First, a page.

The on-screen Sling TV interface could use a redesign (already). Having to scroll horizontally across the bottom of the screen to find stations and then below that to see other shows is stupid. The other frustration factor is that you don’t get the sort of DVR functions we’re accustomed to on all channels. You cannot record an ESPN show or pause CNN, for example.
For snow birds or those who like to travel and don’t want to pay $100 a month for cable, Sling TV’s channel lineup is appealing. It costs $20 a month and there’s no contract so you can drop it at any time. Dish plans to offer additional sports and news channels, as well, in $5 upgrade packages. You can also rent mainstream movies on the app, most are about $5 for 24 hours. For the moment, it’s an invitation-only service, but Dish plans to roll it out nationwide soon.
However, if you prefer to flick through hundreds of channels in a single interface, don’t give up your satellite or cable subscription…yet.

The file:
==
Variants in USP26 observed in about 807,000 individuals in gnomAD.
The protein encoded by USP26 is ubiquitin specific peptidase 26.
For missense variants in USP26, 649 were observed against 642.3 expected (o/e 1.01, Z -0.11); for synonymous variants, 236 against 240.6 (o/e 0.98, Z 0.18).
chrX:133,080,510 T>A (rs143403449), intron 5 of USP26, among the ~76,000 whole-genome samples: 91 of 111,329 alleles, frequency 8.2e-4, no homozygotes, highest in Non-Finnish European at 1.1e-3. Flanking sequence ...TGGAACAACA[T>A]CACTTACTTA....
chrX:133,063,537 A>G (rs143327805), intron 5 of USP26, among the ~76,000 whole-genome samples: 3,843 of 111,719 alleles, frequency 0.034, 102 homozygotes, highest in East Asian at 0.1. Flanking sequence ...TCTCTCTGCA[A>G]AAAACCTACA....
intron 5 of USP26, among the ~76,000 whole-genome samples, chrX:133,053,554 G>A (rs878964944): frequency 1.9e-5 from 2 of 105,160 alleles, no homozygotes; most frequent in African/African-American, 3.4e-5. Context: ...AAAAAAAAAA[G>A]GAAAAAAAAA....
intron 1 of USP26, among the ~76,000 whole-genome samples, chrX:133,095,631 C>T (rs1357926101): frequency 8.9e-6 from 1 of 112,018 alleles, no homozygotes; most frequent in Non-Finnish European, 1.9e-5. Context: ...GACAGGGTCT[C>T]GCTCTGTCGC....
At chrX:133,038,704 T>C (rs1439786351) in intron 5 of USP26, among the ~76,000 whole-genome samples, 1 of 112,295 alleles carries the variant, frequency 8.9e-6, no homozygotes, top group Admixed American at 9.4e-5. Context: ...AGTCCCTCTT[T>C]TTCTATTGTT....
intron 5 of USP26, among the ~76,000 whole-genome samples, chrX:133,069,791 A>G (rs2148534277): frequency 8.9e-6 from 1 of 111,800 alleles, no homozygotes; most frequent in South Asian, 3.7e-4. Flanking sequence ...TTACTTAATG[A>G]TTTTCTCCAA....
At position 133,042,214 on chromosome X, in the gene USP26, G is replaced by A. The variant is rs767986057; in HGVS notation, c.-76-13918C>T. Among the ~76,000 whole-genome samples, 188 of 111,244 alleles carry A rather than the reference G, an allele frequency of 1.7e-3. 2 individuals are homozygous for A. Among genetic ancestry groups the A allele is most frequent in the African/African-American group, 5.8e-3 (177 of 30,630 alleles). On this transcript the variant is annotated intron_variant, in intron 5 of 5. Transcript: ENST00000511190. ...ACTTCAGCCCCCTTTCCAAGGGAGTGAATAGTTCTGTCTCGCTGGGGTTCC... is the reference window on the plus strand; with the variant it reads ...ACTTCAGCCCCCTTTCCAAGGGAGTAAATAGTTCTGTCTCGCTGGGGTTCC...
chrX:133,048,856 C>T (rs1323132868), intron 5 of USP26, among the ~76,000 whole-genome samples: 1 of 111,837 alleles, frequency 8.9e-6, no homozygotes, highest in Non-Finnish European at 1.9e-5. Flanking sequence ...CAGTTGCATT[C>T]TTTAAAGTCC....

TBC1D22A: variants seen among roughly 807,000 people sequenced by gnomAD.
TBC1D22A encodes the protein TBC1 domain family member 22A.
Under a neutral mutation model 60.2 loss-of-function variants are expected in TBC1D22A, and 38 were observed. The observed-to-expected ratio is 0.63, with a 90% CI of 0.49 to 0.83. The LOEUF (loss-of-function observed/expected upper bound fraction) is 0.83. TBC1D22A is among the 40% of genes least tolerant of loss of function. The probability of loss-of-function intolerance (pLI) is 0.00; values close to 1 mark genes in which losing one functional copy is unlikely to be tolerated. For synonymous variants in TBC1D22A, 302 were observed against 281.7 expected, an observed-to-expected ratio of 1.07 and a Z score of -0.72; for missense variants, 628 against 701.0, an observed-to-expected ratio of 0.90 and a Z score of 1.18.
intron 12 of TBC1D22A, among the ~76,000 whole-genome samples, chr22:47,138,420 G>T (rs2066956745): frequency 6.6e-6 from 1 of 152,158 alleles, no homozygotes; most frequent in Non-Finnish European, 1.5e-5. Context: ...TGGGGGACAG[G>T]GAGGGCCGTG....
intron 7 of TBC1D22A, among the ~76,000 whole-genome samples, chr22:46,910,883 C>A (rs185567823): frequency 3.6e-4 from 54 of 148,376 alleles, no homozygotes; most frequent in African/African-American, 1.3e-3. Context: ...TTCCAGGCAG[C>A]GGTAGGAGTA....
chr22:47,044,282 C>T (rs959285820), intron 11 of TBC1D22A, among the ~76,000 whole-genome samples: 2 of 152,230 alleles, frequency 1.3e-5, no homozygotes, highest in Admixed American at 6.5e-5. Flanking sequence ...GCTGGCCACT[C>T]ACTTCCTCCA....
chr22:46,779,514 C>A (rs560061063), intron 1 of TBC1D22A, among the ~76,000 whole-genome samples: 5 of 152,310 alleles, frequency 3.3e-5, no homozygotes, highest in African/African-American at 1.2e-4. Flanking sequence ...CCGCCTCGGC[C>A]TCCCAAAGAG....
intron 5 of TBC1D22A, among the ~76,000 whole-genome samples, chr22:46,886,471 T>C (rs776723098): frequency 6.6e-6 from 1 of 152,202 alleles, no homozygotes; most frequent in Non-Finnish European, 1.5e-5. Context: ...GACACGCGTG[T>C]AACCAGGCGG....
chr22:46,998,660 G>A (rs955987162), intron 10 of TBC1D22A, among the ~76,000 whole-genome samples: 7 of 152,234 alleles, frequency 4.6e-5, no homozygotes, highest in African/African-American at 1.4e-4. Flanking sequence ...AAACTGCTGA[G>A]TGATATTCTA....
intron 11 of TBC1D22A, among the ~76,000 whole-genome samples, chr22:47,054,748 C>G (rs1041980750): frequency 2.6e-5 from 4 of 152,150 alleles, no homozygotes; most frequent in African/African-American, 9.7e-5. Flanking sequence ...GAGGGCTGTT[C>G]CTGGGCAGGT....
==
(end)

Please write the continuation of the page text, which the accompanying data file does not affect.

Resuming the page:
Royole Introduces Moon, a Foldable 3D Virtual Mobile Theater with Noise-Cancelling Headphones
Royole Corporation, a global pioneer and innovator of flexible displays, flexible sensors, and smart device technologies, announced the introduction of Moon, a 3D virtual mobile theater for movies, gaming, and more. Combining unique proprietary optical and system technologies that recreate a giant, scalable 800” curved screen with realistic 3D effects and high-fidelity noise-cancelling headphones, Moon provides the viewer with a truly immersive, amazingly realistic entertainment experience. Its ultra-high resolution (over 3000ppi) AMOLED display eliminates eye fatigue and queasiness often associated with VR and 3D viewing.